Term 3 2018

Contemporary Issues – Act justly, love mercy, walk humbly

God’s people are called to engage in the practical struggle to apply biblical principles in the day to day issues of Life. A simplistic “proof texting” approach to these complex issues will not cut it. We consider some of the “hot button” ethical questions and some of the big themes of the bible that should inform and shape our response.

Love Your Neighbour  Luke 10:25-37  23rd September

  1. Read Luke 10:25-37. Make a list of things you have never noticed in the parable before. Is there anything that surprises you? Discuss.
  2. How do we know that the teacher of the law wants to limit himself? Why do we so often struggle to love our neighbour? Why do we limit ourselves?
  3. How does where we live change who our neighbours are? How has our media changed who our neighbours are? Are our neighbours only people we see face to face?
  4. Skim through Luke and count how many times Jesus sees people differently from others. How does he see them? How do the Pharisees/disciples/crowds see them? How does Jesus treat them? In Mark 2:13-17 why has Jesus come? How does that change how he treats people?
  5. Create categories for people you interact with daily. From the people who you constantly see to the ones you might see just for a moment. How can you specifically show love to them?

The Issue Is Pornography    Psalms 51     Philippians 4:4-9     16th September

  1. Should Christians care about pornography? Why/why not?
  2. Does anyone suffer because of pornography? If so, who?
  3. Why do men view pornography? Why do women?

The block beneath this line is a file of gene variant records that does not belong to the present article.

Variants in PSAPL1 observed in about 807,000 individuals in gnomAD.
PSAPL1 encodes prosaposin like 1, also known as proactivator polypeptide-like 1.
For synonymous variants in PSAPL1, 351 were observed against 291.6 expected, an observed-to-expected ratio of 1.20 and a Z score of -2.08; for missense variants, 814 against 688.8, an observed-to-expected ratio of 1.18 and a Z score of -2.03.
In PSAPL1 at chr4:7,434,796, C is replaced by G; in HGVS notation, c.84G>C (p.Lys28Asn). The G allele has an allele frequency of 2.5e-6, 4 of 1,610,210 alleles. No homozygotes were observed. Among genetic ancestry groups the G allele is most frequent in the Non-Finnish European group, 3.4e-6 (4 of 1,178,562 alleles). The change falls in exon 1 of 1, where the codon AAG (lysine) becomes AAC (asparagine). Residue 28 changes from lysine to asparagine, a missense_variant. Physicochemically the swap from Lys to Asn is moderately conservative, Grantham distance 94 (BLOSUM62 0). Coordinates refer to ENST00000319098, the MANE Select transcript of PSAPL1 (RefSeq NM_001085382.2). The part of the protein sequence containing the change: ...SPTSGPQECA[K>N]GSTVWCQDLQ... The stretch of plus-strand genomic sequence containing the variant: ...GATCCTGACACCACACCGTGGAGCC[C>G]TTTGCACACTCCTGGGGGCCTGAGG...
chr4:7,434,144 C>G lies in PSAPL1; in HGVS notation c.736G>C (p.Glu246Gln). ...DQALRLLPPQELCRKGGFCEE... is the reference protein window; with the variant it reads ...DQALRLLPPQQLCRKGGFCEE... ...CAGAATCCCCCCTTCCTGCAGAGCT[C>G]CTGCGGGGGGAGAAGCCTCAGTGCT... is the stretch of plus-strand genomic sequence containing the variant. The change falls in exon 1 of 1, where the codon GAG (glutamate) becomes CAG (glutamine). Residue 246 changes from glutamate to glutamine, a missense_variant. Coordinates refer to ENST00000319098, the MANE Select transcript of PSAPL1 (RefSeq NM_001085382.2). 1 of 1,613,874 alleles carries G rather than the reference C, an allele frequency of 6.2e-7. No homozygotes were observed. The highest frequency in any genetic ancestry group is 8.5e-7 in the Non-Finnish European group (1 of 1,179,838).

4. How does the presentation of our bodies and sexuality in pornography differ from God’s ideas? (See Genesis 2:19-25; 1 Corinthians 7:1-7.)
  5. How are we to treat a person who views pornography?
  6. How long has pornography been around? What difference has The Internet made to pornography? What difference have smartphones and mobile devices made?
  7. It’s impossible to escape suggestive images on billboards etc. What might be the effect of such images on young men? Young women? Boys? Girls?
  8. How can we make our church a place where it’s safe to talk about sensitive issues?

Principle 2:  Living to please God     1 Thessalonians 4:1-12   1 Peter 4:1-11     9th September

  1. Imagine a young couple who have fallen in love. What kind of things might they do to please one another?
  2. Think of someone you love who has done something that pleased you. What was it?
  3. Think of something you have done for someone you love. What was it?
  4. What sorts of things do you NOT do, because they would displease someone you love?
  5. Imagine your own father was the best possible father. What would you want to do to please him? What would you avoid doing?
  6. How do questions 1-5 help you think about pleasing and displeasing God?
  7. Are you used to thinking about God in these terms? Why/why not? How does the idea of ‘living to please God’ fit with your view of God?
  8. What is the difference between following instructions out of duty, following instructions out of fear, and following instructions because you know that person loves you and wants what is best for you? See Exodus 20:1-2, 1 John 3:1-3, Deut 7:7-11.
  9. Reflect on Jesus’ desire to please His Father in these passages: John 6:38-40; John 6:51; John 14:28-31; John 17:1-5.

Principle 1: Obeying God Or Human Authorities?  Romans 13:1-10  Luke 20:20-26   2nd September

  1. Read Romans 13:1-10. What options are open to use if we disagree with our government? How can we obey and still express our disagreement?
  2. What does Paul say is God’s given role of government? If a government exceeds this role or abrogates it, what options are open to us?
  3. Some Christians refuse to pay a proportion of their taxes equal to the proportion of government spending on armaments, and engagement in conflict. Is this a valid option? Read Luke 20:20-26.
  4. Other Christians choose the path of civil disobedience – disobeying an unjust law such as the (former) racially-motivated segregation laws in some US states or the Apartheid regime in South Africa, and accepting the legal penalty for their disobedience. How does this fit with Romans 13 and Luke 20?
  5. What principle can we apply from the events recorded in Acts 4:1-20?